When asked again what the state legislature is doing to protect the environment, Koch said that was left up to the Indiana Department of Environmental Management.
“What are each of you doing specifically to move rural internet connectivity forward?” Winn asked the two.This legislative session, Koch authored Senate Bill 478, which would provide utility easements so that rural energy cooperatives and other nonprofit co-ops can use their existing infrastructures to deliver high-speed, fiber-based broadband within the same energy “footprint.”
“It is extremely exciting, because when you overlay the map of our REMCs territories with a map of our underserved broadband territories, it’s just almost a perfect match,” Koch said.
An audience member stood up and asked Koch about Duke Energy and other for-profit electric companies.
“My guess is that Duke’s easements … they can probably do it,” Koch said.
May said he would support Koch’s bill. It passed 40 to 2 in the Senate and is being reviewed in the House.
“It’s a tremendous step forward. I’ve got a personal experience with this with my children being sent home from school now with Chromebooks,” May said. “We’re going to have to get it to the homes of the students.”
Legislators were questioned about using tax dollars to fund vouchers, or scholarships, for “choice” schools, including private schools. This session the legislators will determine the state’s budget, including funding for public education.“I think part of the answer is, why is there a demand for vouchers?” Koch said.
Koch authored Senate Bill 30, which started as a conversation he had with Superintendent Laura Hammack during the Brown County Fair last summer.
“She was telling me about the marketing plan that the school corporation was working on to win back students that were exercising other options and she needed more data,” Koch said. “She knew how many students were exercising those options but did not know where they are going.”
The bill requires the Indiana Department of Education to provide public school districts information on not just the number of students using vouchers but also where those students are attending school on those vouchers. The bill has been referred to the Indiana House Committee on Education for review.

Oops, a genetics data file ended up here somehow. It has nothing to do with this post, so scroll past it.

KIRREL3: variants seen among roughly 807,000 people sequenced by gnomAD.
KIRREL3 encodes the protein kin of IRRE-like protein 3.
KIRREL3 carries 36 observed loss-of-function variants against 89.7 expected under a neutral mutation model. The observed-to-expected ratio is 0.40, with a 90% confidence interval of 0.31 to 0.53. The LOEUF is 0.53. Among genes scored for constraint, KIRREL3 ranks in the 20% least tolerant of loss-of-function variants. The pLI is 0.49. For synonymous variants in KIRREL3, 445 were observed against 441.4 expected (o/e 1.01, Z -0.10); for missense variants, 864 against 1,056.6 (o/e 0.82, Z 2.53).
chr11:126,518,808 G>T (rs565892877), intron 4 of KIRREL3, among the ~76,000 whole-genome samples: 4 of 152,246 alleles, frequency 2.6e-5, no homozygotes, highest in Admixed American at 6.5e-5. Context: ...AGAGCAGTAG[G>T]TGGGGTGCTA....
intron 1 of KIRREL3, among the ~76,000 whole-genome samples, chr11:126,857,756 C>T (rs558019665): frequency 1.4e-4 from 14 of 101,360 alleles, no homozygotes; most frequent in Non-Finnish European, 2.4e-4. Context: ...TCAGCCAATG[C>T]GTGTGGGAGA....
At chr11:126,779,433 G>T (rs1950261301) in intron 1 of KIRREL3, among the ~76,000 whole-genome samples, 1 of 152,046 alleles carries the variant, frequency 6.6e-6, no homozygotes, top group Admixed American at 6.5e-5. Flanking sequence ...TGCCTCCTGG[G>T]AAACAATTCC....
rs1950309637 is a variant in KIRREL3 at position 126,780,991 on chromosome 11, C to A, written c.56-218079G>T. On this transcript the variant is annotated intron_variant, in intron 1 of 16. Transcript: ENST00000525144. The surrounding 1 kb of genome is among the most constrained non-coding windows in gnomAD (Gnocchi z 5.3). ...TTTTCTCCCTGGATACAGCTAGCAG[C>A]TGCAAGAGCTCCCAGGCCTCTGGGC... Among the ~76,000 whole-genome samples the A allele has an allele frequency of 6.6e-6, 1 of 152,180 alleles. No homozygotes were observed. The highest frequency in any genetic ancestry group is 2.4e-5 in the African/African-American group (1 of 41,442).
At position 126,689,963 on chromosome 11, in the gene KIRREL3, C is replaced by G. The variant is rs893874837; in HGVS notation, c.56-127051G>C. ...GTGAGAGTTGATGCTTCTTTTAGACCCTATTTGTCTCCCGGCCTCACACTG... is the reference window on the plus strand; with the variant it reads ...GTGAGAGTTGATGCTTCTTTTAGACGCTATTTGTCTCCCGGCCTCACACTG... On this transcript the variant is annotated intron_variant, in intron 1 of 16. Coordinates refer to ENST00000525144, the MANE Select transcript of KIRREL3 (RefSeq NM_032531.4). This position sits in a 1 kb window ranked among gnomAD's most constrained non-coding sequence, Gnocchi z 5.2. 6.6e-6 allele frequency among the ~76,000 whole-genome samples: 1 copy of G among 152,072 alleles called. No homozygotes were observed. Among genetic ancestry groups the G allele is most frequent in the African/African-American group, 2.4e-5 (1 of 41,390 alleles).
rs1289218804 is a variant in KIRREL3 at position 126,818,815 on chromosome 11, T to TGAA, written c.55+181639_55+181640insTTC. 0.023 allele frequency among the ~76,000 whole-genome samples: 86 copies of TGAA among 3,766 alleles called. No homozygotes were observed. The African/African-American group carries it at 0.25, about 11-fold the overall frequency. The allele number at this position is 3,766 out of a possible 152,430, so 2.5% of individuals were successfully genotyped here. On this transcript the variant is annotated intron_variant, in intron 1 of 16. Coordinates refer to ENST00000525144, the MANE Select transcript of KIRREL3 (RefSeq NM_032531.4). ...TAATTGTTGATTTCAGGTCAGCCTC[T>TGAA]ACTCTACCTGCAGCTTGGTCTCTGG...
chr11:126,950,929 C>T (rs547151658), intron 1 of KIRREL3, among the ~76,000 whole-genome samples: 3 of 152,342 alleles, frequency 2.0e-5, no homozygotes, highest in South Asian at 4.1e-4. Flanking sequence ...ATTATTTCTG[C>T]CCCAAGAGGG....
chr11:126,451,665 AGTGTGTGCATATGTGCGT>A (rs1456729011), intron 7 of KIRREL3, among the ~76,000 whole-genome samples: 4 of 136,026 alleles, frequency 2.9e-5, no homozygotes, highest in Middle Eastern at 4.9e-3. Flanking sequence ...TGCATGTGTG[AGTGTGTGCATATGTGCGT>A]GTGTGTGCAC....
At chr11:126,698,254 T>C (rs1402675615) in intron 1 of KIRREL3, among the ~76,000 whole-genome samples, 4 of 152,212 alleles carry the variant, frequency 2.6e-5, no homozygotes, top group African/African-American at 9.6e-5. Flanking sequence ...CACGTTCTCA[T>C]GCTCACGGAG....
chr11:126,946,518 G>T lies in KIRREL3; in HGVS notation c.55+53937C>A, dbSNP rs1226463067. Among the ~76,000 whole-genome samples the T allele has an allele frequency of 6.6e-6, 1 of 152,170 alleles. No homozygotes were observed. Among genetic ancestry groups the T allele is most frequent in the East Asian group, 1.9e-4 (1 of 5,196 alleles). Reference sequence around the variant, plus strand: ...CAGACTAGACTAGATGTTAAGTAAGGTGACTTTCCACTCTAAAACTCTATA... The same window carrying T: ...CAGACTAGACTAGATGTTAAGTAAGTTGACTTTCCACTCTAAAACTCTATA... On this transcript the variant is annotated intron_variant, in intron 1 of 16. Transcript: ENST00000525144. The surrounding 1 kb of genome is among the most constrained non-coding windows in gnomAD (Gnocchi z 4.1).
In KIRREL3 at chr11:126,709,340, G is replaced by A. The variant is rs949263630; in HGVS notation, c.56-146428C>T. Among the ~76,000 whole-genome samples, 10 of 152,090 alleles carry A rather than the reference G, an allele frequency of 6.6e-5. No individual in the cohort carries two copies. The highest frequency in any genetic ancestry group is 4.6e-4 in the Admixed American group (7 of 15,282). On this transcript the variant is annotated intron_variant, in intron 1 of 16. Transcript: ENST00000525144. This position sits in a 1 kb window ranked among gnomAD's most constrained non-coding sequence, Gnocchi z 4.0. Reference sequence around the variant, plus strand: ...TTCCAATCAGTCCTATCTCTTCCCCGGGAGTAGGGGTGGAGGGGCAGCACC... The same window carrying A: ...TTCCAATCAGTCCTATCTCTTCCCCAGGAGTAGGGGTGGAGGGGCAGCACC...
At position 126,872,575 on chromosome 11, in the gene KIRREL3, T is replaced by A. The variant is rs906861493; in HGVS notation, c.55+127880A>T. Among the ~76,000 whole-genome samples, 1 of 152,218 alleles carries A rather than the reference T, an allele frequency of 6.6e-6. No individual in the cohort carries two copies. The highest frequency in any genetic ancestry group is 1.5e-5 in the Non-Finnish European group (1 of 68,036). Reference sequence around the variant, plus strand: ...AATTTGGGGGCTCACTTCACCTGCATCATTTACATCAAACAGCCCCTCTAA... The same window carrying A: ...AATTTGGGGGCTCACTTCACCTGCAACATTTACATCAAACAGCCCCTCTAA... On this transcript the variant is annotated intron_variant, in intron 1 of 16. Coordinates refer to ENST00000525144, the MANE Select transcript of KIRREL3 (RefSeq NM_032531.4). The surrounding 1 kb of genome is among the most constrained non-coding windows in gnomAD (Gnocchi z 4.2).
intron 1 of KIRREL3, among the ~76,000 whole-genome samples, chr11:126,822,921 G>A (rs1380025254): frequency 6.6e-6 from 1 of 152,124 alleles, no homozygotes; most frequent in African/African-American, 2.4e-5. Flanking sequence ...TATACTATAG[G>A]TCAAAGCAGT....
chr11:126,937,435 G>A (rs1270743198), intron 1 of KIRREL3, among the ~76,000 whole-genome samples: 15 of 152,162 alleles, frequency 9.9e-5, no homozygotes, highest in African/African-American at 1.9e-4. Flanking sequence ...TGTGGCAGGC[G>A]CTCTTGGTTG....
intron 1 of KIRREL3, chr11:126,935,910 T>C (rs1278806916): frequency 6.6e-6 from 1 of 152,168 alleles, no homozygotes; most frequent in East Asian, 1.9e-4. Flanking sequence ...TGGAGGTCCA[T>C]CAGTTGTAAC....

“The importance of that data is, when we know where people are going, we can sometimes infer why they are going there, and if it is a true issue, then the leaders will fix it. If it is a perceived issue, then they can fix it in a different way,” Koch said.
“What I see a lot of in my district, maybe even moreso than vouchers, is inner-district transfers where people reside in one school corporation, but they are exercising the choice of going to another public school corporation,” Koch said.
Koch received a negative reaction from the audience when he said he would not support an independent review of redistricting — redrawing the boundary lines of legislative representation in Indiana.“What I often don’t hear are the facts of the last redistricting in Indiana,” Koch said. “We produced maps that were a product of nine field hearings throughout the state. We had public access terminals set up throughout the state that were loaded with the same software we were using, that anybody who thought they could do a better job were invited to use those computers and send us maps.”
Koch said those maps received support from both Democrats and Republicans.
“There are people out there who don’t like election outcomes and try to blame that on things other than election issues. That’s out there as well,” he said. “Our Founding Fathers didn’t want an independent commission. The Founding Fathers wanted … for us to do it.”
May said he would support an independent review, but House Bill 1014 which was about that issue, did not get a vote in committee this session.
“I don’t know why anybody would not be in favor of an independent review of redistricting, but I think you need to let the committee system work,” he said.
Toward the end of the program, Winn asked Koch and May to comment on the role of American Legislative Exchange Council in Indiana legislation and how they view ALEC.ALEC is a group that advocates for limited government, free markets and federalism, according to its website.
“It’s no more or less than the other two of the three national organizations,” Koch said mentioning the Council of State Governments and National Conference of State Legislatures.
“They all provide resources, and they all have a role to play. I would say no more or less than the other two” he said about ALEC’s influence.
May, a freshman legislator this session, said he had not heard directly from ALEC.
“I am not a member. I know they have a conference coming up this summer that I am invited to. I won’t say that I’m not (going to be a member), but I’m not at this current time,” May said.
According to ProPublica, an independent and nonprofit newsroom, Koch is listed as receiving contributions from ALEC.
One audience member spoke out during the program about ALEC not being open with the media when the other two organizations are.
The legislators did not respond to that comment.